Traditional view of women is also represented in the cover of the Guideposts magazine. The cover shows an illustration of the three Jonas Brothers, with their mother being in the center. It includes a text that reads, “The Mom (and the values) Behind the Brothers.” This can be easily related to traditional roles that women play in a typical family. Mothers are traditionally seen as the primary means of taking care of the children in a family. The image and text in the magazine cover hands this very role to the Jonas Brothers’ mother. It can be implied from the cover that the mother is “taking care” of her children, the Jonas Brothers. It is interesting to note that all the children in the image are boys. Typically, boys are assumed to be looked after by their mother than are girls. In other words, boys are not expected to, for example, “help around the house” or “do chores” as much as are girls. So, the fact that the magazine cover shows three male superstars with one mother “behind them”, as the cover states, really depicts the traditional view of one woman looking after multiple men in the family. Nevertheless, the magazine cover does portray the mother as an important figure for the Jonas Brothers.
The magazine cover shows the importance of the mother not only by words, but also by clever placement of her in the image. One of the most notable aspects of the cover can be found in the text, which relates “the mom” with “values”. The mother is not seen as merely serving the superstars, but rather, she is shown to play valuable roles “behind the scenes” for the superstars. This is a shift in direction from the traditional point of view in that the mother’s role of bringing values to the Brothers and their career is highlighted. A mother always has authority over her children. In fact, the magazine cover is showing just that. The mother is put in the center, before the three Jonas bother; she is being stressed as a form of a leader and a guide for her three children. This is an implication rarely found in the traditional view of women. While the cover represents and relates to many traditional view of women’s role in the family, it effectively highlight’s the mother’s significance and her authority over the Jonas Brothers.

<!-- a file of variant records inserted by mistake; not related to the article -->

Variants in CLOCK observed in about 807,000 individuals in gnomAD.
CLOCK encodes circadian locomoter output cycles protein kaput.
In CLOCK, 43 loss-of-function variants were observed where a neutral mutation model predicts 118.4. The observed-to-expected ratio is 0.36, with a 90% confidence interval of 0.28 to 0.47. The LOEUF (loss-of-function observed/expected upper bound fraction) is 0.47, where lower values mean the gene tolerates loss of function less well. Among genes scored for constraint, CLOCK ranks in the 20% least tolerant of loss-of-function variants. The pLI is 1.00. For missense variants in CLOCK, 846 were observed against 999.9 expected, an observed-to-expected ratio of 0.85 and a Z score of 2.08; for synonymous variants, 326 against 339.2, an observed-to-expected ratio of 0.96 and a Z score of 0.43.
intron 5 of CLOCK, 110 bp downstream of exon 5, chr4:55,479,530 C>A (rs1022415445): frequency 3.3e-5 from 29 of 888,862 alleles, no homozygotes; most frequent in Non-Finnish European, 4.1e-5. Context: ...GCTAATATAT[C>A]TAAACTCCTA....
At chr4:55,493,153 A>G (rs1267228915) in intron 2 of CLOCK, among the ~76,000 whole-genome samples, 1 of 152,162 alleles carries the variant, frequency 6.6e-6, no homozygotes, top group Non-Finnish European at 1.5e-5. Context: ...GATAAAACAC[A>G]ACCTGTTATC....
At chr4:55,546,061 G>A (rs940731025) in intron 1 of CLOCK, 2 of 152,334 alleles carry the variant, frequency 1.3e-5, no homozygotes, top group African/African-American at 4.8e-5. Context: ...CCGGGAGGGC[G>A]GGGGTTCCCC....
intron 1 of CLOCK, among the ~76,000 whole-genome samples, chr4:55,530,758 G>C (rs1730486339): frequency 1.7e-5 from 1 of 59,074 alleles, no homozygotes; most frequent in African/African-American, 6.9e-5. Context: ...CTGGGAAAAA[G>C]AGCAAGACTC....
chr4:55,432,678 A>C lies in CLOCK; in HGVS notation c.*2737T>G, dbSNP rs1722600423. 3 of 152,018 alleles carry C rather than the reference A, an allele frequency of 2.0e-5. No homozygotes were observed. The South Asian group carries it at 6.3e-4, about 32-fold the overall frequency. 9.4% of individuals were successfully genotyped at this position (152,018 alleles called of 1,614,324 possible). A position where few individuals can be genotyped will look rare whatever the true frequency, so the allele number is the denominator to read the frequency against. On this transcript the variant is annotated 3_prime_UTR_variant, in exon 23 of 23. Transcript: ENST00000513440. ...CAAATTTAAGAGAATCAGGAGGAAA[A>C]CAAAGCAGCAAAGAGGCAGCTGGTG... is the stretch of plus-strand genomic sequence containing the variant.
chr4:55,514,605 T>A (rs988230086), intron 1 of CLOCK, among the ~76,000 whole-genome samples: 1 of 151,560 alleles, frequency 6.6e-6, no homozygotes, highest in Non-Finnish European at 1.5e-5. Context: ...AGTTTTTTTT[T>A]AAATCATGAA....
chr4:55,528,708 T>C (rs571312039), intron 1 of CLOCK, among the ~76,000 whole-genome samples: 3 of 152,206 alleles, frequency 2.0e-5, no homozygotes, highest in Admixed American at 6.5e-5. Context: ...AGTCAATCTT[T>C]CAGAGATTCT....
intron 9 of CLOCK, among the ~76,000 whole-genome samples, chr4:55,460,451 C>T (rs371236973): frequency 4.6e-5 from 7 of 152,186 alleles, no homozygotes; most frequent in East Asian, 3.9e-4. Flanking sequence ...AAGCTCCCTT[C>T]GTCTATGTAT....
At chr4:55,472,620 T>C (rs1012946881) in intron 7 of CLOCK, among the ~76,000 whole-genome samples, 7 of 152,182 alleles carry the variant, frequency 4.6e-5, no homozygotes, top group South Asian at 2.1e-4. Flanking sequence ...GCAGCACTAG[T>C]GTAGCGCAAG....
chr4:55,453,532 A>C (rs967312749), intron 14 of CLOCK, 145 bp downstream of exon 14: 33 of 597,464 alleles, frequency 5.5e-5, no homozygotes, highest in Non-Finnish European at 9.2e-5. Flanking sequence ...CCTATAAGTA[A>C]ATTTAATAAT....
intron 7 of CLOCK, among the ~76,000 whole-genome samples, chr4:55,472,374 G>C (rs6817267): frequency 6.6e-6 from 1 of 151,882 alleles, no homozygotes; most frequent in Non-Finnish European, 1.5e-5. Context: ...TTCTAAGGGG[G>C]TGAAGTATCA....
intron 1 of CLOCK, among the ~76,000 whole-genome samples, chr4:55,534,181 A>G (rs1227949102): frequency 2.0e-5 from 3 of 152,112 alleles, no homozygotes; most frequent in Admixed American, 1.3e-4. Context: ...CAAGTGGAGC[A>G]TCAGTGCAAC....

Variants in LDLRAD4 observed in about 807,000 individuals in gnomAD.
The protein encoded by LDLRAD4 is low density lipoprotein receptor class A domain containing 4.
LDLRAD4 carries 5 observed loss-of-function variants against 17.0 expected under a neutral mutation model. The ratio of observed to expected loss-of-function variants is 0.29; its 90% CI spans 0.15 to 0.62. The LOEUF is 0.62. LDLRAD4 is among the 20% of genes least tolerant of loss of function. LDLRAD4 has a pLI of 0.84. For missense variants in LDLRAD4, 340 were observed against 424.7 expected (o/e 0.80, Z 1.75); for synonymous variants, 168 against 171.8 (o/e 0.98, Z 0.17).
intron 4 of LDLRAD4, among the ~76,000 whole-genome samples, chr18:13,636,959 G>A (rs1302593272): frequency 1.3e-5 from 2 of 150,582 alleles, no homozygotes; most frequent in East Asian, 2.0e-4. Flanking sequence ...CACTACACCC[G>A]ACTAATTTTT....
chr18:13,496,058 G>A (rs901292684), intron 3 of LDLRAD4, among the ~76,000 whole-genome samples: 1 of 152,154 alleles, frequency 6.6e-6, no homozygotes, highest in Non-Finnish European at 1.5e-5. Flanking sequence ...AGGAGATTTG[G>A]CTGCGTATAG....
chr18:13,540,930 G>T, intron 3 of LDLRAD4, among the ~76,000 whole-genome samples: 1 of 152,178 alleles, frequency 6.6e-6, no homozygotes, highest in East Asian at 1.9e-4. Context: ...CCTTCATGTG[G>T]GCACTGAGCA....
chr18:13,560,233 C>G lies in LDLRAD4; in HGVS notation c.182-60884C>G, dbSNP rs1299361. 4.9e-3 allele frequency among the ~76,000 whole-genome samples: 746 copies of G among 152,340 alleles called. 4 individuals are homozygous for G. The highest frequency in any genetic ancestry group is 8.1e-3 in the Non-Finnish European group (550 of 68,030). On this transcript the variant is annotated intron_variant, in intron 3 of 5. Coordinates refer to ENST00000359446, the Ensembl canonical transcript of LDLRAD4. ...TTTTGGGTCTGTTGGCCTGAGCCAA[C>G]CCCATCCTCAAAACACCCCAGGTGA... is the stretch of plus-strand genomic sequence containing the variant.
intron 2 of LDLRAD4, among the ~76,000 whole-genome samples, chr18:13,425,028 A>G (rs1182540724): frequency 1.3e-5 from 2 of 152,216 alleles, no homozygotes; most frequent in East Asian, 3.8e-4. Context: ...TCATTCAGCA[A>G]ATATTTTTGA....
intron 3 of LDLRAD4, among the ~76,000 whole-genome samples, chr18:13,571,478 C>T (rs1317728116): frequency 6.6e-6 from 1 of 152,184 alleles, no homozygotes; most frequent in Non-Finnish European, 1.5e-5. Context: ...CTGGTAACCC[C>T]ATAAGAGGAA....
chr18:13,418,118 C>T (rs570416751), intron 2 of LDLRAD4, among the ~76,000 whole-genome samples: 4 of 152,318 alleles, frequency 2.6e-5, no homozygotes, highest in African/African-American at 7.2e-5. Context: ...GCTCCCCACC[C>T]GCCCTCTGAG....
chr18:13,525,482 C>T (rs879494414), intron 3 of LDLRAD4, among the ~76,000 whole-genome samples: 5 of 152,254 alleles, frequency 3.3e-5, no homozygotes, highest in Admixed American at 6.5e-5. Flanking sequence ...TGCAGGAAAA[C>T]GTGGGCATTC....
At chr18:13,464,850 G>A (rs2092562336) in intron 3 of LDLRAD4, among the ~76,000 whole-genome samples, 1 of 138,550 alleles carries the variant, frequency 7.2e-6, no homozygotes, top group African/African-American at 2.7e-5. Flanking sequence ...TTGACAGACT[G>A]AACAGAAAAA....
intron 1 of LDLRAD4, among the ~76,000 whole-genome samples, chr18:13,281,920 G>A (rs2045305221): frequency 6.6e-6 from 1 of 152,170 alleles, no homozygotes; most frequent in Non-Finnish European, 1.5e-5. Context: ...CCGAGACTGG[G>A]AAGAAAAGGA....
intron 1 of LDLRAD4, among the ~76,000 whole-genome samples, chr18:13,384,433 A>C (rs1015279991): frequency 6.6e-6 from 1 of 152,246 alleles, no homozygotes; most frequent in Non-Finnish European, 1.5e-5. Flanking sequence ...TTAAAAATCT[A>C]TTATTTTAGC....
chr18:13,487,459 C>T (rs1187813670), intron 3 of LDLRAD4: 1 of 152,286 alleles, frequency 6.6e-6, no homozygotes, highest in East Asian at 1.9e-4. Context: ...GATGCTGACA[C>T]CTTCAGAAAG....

Ads in today’s society well represent the overlap of views in this “transition phase” of shifting from the traditional view of women. The ad on Fletcher’s Castoria shows both the traditional view of women submitting to a higher authority and the idea of women being independent. Similarly, the magazine cover relates to the traditional view of a mother’s role in a family and, at the same time, gives clear authority to the mother. Transitioning from the status quo will take time, and there will be overlapping of the “new” and the “old” views and expectations during this time. This holds true to more than just gender based views; shifting from any idea will have to go through this “transition phase” Medias, such as literatures, journals, ads, and movies, of this “transition period” will always be an important source in providing practical examples of these overlapping ideas.